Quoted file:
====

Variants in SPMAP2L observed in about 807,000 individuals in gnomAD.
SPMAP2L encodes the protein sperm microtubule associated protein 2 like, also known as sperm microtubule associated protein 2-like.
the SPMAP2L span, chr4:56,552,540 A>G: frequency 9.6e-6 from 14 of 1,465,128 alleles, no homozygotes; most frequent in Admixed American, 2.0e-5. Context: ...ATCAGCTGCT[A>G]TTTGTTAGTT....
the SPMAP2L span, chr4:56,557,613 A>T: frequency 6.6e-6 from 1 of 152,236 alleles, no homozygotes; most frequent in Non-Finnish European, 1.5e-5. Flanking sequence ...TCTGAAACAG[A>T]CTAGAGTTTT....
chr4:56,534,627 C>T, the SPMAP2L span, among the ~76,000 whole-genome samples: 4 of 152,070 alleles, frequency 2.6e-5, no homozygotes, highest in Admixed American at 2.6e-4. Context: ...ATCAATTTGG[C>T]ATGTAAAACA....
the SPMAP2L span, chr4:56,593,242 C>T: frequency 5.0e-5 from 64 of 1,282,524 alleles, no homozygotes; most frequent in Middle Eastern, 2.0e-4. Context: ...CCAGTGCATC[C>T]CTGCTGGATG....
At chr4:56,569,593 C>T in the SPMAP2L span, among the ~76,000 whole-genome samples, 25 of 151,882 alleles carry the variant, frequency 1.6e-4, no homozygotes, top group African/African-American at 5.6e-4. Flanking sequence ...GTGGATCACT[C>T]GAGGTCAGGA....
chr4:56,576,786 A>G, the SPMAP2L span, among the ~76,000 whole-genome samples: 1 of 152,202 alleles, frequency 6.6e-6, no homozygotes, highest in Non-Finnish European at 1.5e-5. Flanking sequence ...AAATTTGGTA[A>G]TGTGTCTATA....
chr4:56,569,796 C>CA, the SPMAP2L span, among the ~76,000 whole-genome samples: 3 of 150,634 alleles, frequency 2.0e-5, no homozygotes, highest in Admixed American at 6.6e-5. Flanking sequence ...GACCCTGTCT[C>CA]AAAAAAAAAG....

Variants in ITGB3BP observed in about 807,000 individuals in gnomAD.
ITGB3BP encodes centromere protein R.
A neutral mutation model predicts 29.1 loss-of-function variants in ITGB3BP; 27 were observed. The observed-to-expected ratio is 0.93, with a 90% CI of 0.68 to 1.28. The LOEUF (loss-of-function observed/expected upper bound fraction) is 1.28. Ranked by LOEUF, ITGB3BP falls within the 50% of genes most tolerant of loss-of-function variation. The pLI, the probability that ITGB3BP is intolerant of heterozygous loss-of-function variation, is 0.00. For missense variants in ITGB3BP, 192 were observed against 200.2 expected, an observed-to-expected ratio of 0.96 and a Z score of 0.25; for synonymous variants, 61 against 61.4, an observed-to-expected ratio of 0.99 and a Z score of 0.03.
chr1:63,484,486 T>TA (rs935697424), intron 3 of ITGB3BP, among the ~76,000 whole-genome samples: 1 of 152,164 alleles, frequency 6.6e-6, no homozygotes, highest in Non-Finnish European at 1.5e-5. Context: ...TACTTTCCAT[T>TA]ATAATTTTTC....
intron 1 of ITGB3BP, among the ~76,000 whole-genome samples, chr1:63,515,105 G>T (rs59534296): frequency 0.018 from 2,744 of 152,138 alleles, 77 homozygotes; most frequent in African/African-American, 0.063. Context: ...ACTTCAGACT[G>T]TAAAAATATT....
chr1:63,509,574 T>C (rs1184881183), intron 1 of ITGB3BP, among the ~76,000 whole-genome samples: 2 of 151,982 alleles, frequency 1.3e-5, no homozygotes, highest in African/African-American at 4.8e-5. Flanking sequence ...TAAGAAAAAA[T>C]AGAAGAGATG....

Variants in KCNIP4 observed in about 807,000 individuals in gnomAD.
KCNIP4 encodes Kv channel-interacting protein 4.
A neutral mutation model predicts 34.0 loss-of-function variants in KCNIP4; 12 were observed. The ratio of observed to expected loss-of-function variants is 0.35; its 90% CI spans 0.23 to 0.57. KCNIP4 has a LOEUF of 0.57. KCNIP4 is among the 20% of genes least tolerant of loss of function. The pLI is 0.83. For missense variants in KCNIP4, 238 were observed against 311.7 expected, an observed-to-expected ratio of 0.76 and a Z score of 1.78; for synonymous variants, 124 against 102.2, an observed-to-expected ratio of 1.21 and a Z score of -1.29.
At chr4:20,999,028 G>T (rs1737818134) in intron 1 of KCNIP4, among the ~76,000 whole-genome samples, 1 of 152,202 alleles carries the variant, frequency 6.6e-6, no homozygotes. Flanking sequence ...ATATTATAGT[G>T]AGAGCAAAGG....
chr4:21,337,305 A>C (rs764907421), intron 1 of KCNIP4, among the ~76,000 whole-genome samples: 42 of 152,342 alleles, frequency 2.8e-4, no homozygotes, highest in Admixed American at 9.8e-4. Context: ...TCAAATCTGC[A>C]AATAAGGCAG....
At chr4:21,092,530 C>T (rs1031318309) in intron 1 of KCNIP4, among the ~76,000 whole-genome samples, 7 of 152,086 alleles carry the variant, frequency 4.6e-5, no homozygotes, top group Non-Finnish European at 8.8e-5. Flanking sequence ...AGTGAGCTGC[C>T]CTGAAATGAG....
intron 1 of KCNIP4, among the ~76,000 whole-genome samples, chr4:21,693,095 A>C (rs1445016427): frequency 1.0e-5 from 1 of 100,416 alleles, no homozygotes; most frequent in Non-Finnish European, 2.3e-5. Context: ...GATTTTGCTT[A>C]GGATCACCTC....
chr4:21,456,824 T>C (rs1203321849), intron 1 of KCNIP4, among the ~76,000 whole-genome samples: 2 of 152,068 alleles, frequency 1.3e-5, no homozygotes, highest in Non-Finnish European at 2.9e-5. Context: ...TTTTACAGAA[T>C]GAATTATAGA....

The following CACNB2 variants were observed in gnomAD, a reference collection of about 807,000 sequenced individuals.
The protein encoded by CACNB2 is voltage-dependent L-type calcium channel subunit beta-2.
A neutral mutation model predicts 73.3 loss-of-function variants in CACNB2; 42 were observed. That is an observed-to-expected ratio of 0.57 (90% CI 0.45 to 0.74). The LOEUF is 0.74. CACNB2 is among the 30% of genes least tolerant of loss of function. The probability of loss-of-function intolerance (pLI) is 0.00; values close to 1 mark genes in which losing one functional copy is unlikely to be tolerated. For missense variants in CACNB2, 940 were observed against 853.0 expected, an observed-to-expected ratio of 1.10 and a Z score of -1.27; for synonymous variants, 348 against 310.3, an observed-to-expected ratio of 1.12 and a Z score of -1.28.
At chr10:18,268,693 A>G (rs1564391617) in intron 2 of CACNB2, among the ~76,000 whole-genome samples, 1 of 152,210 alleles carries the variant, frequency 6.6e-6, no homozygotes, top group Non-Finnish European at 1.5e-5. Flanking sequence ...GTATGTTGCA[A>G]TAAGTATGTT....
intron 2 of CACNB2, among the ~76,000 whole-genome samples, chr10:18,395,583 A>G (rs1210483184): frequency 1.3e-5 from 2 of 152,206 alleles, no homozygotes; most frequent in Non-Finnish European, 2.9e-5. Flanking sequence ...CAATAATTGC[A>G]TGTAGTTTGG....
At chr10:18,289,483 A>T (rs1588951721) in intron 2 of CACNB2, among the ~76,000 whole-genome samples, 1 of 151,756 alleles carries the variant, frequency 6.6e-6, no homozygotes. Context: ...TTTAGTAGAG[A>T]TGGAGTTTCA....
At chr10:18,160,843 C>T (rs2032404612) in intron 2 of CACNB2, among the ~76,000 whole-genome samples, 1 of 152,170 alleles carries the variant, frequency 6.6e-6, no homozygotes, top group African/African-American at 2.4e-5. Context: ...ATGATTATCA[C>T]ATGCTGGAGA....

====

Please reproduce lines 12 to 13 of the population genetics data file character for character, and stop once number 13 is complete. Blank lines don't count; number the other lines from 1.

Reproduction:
A neutral mutation model predicts 29.1 loss-of-function variants in ITGB3BP; 27 were observed. The observed-to-expected ratio is 0.93, with a 90% CI of 0.68 to 1.28. The LOEUF (loss-of-function observed/expected upper bound fraction) is 1.28. Ranked by LOEUF, ITGB3BP falls within the 50% of genes most tolerant of loss-of-function variation. The pLI, the probability that ITGB3BP is intolerant of heterozygous loss-of-function variation, is 0.00. For missense variants in ITGB3BP, 192 were observed against 200.2 expected, an observed-to-expected ratio of 0.96 and a Z score of 0.25; for synonymous variants, 61 against 61.4, an observed-to-expected ratio of 0.99 and a Z score of 0.03.
chr1:63,484,486 T>TA (rs935697424), intron 3 of ITGB3BP, among the ~76,000 whole-genome samples: 1 of 152,164 alleles, frequency 6.6e-6, no homozygotes, highest in Non-Finnish European at 1.5e-5. Context: ...TACTTTCCAT[T>TA]ATAATTTTTC....